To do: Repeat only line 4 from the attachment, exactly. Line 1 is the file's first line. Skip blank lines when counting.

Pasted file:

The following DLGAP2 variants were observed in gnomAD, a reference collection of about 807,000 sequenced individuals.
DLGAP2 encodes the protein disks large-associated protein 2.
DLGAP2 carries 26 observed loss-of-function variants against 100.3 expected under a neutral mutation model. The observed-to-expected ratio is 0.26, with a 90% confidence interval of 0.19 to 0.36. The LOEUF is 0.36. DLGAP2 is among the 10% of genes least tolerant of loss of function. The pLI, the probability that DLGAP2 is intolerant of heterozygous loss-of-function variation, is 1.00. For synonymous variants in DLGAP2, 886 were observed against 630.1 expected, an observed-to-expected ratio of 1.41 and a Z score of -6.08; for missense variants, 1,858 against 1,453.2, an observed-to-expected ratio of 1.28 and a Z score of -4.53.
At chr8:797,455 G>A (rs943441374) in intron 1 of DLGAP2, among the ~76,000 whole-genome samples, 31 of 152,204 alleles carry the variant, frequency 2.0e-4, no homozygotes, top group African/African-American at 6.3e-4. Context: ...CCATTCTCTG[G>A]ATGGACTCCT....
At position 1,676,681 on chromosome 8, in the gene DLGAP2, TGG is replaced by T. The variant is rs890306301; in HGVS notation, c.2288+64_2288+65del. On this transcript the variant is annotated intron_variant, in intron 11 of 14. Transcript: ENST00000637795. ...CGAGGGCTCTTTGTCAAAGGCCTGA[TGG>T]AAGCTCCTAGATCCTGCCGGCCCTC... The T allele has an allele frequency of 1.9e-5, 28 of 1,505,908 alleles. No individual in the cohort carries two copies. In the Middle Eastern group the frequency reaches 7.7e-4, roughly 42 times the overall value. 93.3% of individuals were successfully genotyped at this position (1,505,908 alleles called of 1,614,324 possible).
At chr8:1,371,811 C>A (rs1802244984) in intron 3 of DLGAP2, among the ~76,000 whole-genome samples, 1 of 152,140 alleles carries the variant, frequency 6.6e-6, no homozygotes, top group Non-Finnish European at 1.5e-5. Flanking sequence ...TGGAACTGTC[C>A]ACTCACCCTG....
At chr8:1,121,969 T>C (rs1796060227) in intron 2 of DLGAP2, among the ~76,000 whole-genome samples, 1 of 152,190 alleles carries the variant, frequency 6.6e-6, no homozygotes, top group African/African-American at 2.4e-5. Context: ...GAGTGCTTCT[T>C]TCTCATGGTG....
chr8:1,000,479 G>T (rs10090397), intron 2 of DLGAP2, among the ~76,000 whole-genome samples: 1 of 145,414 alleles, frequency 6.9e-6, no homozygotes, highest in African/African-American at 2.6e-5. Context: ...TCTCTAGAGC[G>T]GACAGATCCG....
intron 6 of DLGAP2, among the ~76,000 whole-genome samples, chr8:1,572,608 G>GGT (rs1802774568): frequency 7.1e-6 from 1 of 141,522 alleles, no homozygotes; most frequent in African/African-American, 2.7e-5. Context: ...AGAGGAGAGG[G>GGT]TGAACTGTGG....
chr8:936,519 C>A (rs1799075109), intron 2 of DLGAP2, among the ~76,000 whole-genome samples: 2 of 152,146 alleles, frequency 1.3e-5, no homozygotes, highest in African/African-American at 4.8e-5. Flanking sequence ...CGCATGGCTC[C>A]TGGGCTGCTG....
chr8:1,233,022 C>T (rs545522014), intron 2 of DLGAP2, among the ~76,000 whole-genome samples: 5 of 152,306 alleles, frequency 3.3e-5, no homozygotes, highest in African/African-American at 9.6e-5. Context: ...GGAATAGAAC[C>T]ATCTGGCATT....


At chr8:797,455 G>A (rs943441374) in intron 1 of DLGAP2, among the ~76,000 whole-genome samples, 31 of 152,204 alleles carry the variant, frequency 2.0e-4, no homozygotes, top group African/African-American at 6.3e-4. Context: ...CCATTCTCTG[G>A]ATGGACTCCT....